John Marini

Watertown Cable Access Corp

John Marini



One need not look far into the 1954 Watertown High School yearbook to find a photo of John Marini. Once you open the cover, you’ll find Marini standing with five other classmates in front of the High School’s main door, wearing his football co-captain’s sweater.

It was the same way when Marini played football for the Raiders. Even though Marini was a lineman, one of the least noticed positions on the gridiron, Marini was always easy to spot, clearing running lanes for co-captain George Gorgodian, or keeping pass rushers away from quarterback Lennie Hill.

Hill always knew where Marini was on the football field, as he recalled in a recent letter that helped convince the Watertown High School Athletic Hall of Fame to induct Marini with the Class of 2006.

“John was a versatile tackle,” wrote Hill of Marini, integral to the 7-1-1 record posted by the 1953 State Class B Champions. “Because of his exceptional ability he was often switched from the right side of the line to the left side of the line to neutralize the opponent’s strongest lineman.”

“As the quarterback of that team, I can attest that John did a fantastic job,” Hill added. “I’m still alive.”

Raider head football coach Joe Zeno asked a great deal of Marini in the Fall of 1953. Marini was asked to be a team leader as a co-captain. He was asked to play multiple positions on the offensive line. And as the lone senior classman, Marini was asked to assist coaching a young, unproven offensive line how to become game-ready once the season started.

“John was the only starting senior lineman on the team,” recalled Hill, who was inducted into the Watertown Hall in 1995. “The rest of the line consisted of juniors and sophomores with little or no experience. They gravitated to John and he became their mentor.”

Three of those linemen would later be inducted into the Watertown Hall – Dick Berardino, Ted Kelly, and Lou Romanelli.

Marini now joins them in the Hall, for doing everything his coach asked of him remarkably well.

Indeed, when the 1953 football season began, the Raiders offensive line demonstrated that it could run block as Gorgodian, Lew Piantedosi and Frank Basile all rushed for touchdowns in a 20-0 shutout against Brockton.

The rest of the scores in Watertown’s 1953 Championship season were all impressive triumphs: Watertown 28, Cambridge Ringe Tech 13; Watertown 18, Revere 6; Watertown 24, Malden Catholic 7; Watertown 25, Brookline 13; Watertown 32, Cambridge Latin 0; Watertown 31, Belmont 6. A 13-all tie in Week Two against Winchester was only one of two games not securely in the win column that Fall for Watertown. The other was a 28-13 loss to Newton, the State Class A Champs that year.

After defeating Belmont in the annual Thanksgiving game, held in Haverhill, the Raiders waited to hear if members of their team might be picked for the postseason all-scholastic all-star game. When Marini and his football teammates were passed over, Pete Martin, the Watertown Sun newspaper reporter, declared in his column, “we wuz robbed.”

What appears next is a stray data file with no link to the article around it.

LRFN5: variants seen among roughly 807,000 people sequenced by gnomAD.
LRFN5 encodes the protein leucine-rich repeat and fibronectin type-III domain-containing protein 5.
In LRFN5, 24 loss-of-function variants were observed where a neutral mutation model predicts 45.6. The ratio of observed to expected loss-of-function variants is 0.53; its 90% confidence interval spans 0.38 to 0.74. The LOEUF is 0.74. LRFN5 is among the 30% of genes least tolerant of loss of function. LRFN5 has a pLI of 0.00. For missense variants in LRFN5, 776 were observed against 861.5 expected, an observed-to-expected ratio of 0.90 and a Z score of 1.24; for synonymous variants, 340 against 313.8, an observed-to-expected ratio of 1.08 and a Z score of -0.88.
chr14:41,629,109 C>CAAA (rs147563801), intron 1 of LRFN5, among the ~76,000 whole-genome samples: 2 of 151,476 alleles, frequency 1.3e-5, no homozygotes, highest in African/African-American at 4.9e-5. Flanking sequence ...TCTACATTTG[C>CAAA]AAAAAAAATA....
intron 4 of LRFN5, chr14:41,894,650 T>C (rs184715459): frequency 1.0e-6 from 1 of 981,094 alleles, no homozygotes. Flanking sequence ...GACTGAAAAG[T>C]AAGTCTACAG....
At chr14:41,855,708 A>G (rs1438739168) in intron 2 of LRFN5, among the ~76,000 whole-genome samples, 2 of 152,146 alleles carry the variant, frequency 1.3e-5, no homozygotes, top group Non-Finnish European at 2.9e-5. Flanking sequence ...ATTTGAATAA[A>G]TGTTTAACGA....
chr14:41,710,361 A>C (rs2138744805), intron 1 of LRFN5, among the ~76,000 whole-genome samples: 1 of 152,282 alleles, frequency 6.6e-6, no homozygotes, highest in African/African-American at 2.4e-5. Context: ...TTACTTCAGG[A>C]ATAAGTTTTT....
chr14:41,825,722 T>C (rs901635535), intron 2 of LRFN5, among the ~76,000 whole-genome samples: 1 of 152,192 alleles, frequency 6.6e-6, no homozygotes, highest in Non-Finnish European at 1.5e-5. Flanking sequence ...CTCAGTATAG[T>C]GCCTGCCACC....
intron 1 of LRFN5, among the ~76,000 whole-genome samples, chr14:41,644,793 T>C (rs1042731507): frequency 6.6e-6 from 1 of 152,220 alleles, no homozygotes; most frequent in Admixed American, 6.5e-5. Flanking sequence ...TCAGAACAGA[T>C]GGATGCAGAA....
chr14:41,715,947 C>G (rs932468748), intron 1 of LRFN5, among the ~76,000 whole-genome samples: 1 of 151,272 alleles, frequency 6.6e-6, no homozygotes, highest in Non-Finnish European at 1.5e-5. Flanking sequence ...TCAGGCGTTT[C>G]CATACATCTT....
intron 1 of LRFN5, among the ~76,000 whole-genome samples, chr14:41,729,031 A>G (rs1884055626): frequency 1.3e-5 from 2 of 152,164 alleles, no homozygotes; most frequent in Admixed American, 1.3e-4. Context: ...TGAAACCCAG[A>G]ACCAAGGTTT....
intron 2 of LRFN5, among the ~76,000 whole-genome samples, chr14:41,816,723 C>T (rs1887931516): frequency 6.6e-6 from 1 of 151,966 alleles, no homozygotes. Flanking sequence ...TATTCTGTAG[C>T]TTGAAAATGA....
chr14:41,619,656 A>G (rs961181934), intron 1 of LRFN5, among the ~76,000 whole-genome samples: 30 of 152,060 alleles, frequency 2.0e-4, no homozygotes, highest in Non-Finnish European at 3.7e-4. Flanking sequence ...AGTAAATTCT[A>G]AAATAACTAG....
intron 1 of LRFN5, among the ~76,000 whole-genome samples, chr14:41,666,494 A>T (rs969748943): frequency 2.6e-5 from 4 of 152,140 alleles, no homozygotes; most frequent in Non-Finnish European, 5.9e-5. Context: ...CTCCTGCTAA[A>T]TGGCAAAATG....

However, Marini, Gorgodian and Hill would soon get the all-star treatment they deserved when a new Kiwanis-sponsored high school all-star game was assembled and these three Raiders were selected to play for the Suburban team against a team from Merrimac Valley.

All three Watertown players excelled in the game, held in Haverhill. According to Martin, Marini got the most kudos. “It was the consensus opinion among the coaches that Marini was the outstanding lineman on the Suburban team if not on the whole field.” Martin also included this assessment from Fran Rosa of the Boston Globe: “The outstanding Suburban lineman was John Marini – the 210 pounder impressed everyone from the fans to scouts.”

Given that linemen are often overlooked, it was welcome news to Hall of Fame Board Chairman Bob Kaprielian that Marini has pledged to fund a new annual college scholarship for a graduating Raider lineman.

Fittingly, for most of Marini’s life, his talents have been recognized. Over the years, Marini has built a solid name for himself in his chosen field, real estate development, running his own firm, John Marini Management Co. in Canton.

In 1982, Governor Ed King appointed Marini to the Board of the Massachusetts Housing Financing Agency. Four years later, Governor Michael Dukakis elevated Marini to Chairman, in which position Marini served the next ten years. The agency controlled and built in excess of 65,000 subsidized rental units and financed in excess of 28,000 single family homes for first time buyers.

One of Marini’s current projects, Franklin Center Commons, was highlighted in a February 2006 Boston Globe Magazine feature. Marini was praised for pursuing a smart growth strategy at Franklin Center, applying his creativity to redevelop older properties into 77 condominiums mixed with 35,000 square feet of retail space and 16,00 square feet of office space with underground parking and within walking distance to public transportation, preserving open space and reducing the stress that new residents often bear on the local environment.

After raising his children – John, Michelle, Karen, and David, Marini said that they have blessed he and his wife Katherine with five grandchildren.

John and Katherine (Kay) Marini have moved into a four-family they built based upon the sensible lifestyle that he remembered growing up in a Watertown triple decker.

The first page of the Boston Globe Magazine article features a smiling Marini, now 69, but still recognizable as the young man from the 1954 yearbook photo.

On May 12, Marini will be featured as a new member of the Watertown High Athletic Hall of Fame. Now, when you look at the plaque listing Hall of Fame members in Watertown High Gym, you won’t have to look too far before you see Marini’s name.